Bending wood transforms solid, straight wood into graceful curves. It’s often an adjunct to another project, such as building furniture, baskets, musical instruments, toys, or crafts. It’s also fun to play around with on its own.
Bending wood is a two-step process: first softening the wood, then forming it. Steam is a good agent for softening wood. Wood can also be softened by creating multiple cuts on the back of the wood. This method is called kerf-cutting.
Bending Wood With Steam
Wood can be soaked in water to soften it. Heating the water above 212 F (boiling) to create steam softens the wood faster. The softened wood is clamped into a frame and left to dry.
You’ll need to build a steam box to hold the wood during the steaming. A steam box can be made of nearly any heat-resistant, waterproof item of sufficient size.
A steam source, such as a steam cleaner, is attached by a hose to the steam box. The steam box must be vented at the top to allow the steam to escape, thus relieving pressure. It also must have a drainage hole (or weep hole) at the bottom to drain off condensation.
After steaming, the wood is placed in a frame that bends it to the correct size. After the wood dries, it can be removed.
Best Types of Wood For Steam Bending
The thinner and smaller the wood, the better it works for steam-bending. Sheet materials are difficult to steam-bend because of their size.
White oak, hackberry, and red oak bend well. Soft maple, yellow-poplar, and hard maple are poor wood species for steam-bending.
Wood is generally bent perpendicular to the direction of the wood grain. Bending the wood parallel to the grain can crack the wood.
Green; no chemicals
Softens all of the wood, not just one side
Bends are permanent
Potential for scalding
Steam box must be built
Must be formed in a frame
Significant waiting time
Bending Wood by Kerf-Cutting
Kerf-cutting requires no soaking or steaming, so no waiting time. Multiple incisions are created in the back of the wood with an electric saw. This makes the wood flexible enough to bend. Even thick wood and large sheet goods can be bent by kerf-cutting.
For kerf-cutting, nearly any type of wood can be used, even composites like particleboard or Masonite.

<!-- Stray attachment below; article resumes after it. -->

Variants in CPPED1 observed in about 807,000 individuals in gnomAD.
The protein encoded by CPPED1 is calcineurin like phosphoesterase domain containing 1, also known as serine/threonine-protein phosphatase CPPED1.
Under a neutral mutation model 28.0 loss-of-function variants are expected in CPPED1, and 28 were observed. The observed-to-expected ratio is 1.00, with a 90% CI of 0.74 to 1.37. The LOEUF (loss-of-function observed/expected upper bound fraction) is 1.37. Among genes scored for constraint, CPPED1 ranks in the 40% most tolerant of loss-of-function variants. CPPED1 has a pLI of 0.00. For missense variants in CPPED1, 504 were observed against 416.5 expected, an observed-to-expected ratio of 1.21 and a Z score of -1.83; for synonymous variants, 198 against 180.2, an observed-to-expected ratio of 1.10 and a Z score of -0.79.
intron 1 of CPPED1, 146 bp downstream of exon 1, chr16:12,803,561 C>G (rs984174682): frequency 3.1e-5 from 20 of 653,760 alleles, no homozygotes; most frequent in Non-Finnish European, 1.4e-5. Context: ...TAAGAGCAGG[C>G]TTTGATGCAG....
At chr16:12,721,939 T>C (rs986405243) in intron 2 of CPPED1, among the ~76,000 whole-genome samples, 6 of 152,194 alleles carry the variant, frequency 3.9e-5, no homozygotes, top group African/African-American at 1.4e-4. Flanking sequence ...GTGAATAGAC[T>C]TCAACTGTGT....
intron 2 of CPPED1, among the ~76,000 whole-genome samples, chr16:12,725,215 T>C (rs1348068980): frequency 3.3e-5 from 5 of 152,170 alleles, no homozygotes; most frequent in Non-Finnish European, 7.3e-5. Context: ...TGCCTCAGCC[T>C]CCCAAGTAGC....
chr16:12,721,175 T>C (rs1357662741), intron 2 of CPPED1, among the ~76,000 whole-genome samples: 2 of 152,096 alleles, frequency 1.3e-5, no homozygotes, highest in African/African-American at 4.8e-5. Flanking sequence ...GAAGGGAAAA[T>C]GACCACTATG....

Try to bend kerf-cut wood perpendicular to the kerfs, if possible. But you can bend the wood parallel to the kerfs, too. Just be careful to bend the wood slowly and carefully to avoid cracking.
No soaking or steaming
No waiting time
Thicker materials can be bent
Requires a miter saw or radial saw
Only one side of the wood can be visible
Creating multiple cuts can be tedious
- Steam Bending: Steam can injure you. Be careful when opening the steam box. Handle only with heavy gloves and use safety glasses.
- Kerf-Cutting: Observe all of the safety requirements for working with electric saws.
Equipment / Tools
- Steam source
- Cordless drill
- Utility knife
- Spring clamps
- Heavy gloves
- Eye protection
- Miter saw, table saw, or radial saw
- Kerf saw blade
- Eye and hearing protection
- Scrap blocks of wood
- 4-inch PVC sewer pipe
- 4-inch PVC sewer pipe solid cap
- 4-inch rubber gasket
- 2-inch hose
- Wood glue
How to Bend Wood With Steam
Build the Steam Box
Attach the solid cap to the end of the sewer pipe. At the other end, attach the 4-inch rubber gasket. With the utility knife, cut a 1-7/8-inch hole. Force one end of the 2-inch hose in the hole. Attach the other end of the hose to the steam source. Drill several weep holes at the bottom and several more at the top to relieve pressure.
Prepare the Steam Box
Remove the rubber gasket. Place the steam box in an area such as a garage or outdoors, where the flooring will not be harmed by excess moisture. Put the boards to be bent in the steam box and elevate them on wood blocks. Replace the rubber gasket.
Build the Frame
Using plywood, lumber, or clamps on a workbench, create a frame for shaping the wood as it dries.
Activate the Steam Source
Turn on the steam source and bring it to boiling temperature. A general rule of thumb is to steam wood for about one hour per 1-inch of thickness.
Remove the Wood
When the wood has finished steaming, remove it immediately while wearing thick gloves.
Let the Wood Dry
Quickly place the wood in the frame. Overbend the wood by about 5 percent because there will be some bend-back after the wood is removed. Let the wood dry for about three days.
How to Bend Wood by Kerf-Cutting
Set the Saw Blade
Adjust the saw blade’s depth to about 1/8-inch less than the thickness of the wood.
Mark the Range of Cuts
Unless you will be bending the entire material, mark the span of the bend with a pencil or painter’s tape.
Make the First Cut
Turn on the saw and run the blade across the material, beginning at one end of the bend span.
Make Subsequent Cuts
Keep making additional cuts, maintaining a distance equaling the width of the saw blade. Continue until you reach the end of the bend span.
Bend the Wood
Kerf-cut wood can be bent by installing it in its eventual installation area. For example, to make a bend in a wall, the panel would be nailed into place. The nails hold the wood’s bend.
Alternatively, you can fill in the kerfs with wood glue, bend the wood into a frame, and leave the glue to dry. This works best for outward wood curves, not inward curves. For inward curves, you’ll need to build a supporting frame in back to hold the bend.
About Bending Wood With Chemicals
Treating wood with a gas created by a solution of 75-percent water and 25-percent ammonia can soften the wood fibers enough to bend them. This method is especially good when you need to bend the wood sharply or create curls.
This method is not recommended for do-it-yourselfers. A tight chamber must be built so that the wood can be subjected to an ammonia gas under high pressure. While it’s a highly effective process, set-up is difficult and the potential for injury is great.